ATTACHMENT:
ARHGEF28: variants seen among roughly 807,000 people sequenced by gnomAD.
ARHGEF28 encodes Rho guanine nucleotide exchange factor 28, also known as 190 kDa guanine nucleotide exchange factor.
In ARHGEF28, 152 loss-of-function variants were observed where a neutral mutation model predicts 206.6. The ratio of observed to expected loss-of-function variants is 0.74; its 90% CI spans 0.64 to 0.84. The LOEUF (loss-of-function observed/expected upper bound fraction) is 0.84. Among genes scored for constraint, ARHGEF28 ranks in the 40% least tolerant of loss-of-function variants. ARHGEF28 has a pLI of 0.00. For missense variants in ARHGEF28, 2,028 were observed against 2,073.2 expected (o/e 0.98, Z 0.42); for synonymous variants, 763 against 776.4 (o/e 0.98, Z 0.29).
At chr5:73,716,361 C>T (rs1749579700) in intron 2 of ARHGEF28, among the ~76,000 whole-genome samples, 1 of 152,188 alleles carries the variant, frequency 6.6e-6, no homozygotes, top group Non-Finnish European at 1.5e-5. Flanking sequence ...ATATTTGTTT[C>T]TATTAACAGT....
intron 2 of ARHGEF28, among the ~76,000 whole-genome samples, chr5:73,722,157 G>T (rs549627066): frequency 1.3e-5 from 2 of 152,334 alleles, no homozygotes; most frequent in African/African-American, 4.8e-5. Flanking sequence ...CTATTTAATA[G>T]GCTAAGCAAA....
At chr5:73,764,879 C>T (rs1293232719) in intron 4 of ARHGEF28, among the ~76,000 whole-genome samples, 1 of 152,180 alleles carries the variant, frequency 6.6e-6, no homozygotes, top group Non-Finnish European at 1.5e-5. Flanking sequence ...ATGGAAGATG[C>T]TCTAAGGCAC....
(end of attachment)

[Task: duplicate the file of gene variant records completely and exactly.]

ARHGEF28: variants seen among roughly 807,000 people sequenced by gnomAD.
ARHGEF28 encodes Rho guanine nucleotide exchange factor 28, also known as 190 kDa guanine nucleotide exchange factor.
In ARHGEF28, 152 loss-of-function variants were observed where a neutral mutation model predicts 206.6. The ratio of observed to expected loss-of-function variants is 0.74; its 90% CI spans 0.64 to 0.84. The LOEUF (loss-of-function observed/expected upper bound fraction) is 0.84. Among genes scored for constraint, ARHGEF28 ranks in the 40% least tolerant of loss-of-function variants. ARHGEF28 has a pLI of 0.00. For missense variants in ARHGEF28, 2,028 were observed against 2,073.2 expected (o/e 0.98, Z 0.42); for synonymous variants, 763 against 776.4 (o/e 0.98, Z 0.29).
At chr5:73,716,361 C>T (rs1749579700) in intron 2 of ARHGEF28, among the ~76,000 whole-genome samples, 1 of 152,188 alleles carries the variant, frequency 6.6e-6, no homozygotes, top group Non-Finnish European at 1.5e-5. Flanking sequence ...ATATTTGTTT[C>T]TATTAACAGT....
intron 2 of ARHGEF28, among the ~76,000 whole-genome samples, chr5:73,722,157 G>T (rs549627066): frequency 1.3e-5 from 2 of 152,334 alleles, no homozygotes; most frequent in African/African-American, 4.8e-5. Flanking sequence ...CTATTTAATA[G>T]GCTAAGCAAA....
At chr5:73,764,879 C>T (rs1293232719) in intron 4 of ARHGEF28, among the ~76,000 whole-genome samples, 1 of 152,180 alleles carries the variant, frequency 6.6e-6, no homozygotes, top group Non-Finnish European at 1.5e-5. Flanking sequence ...ATGGAAGATG[C>T]TCTAAGGCAC....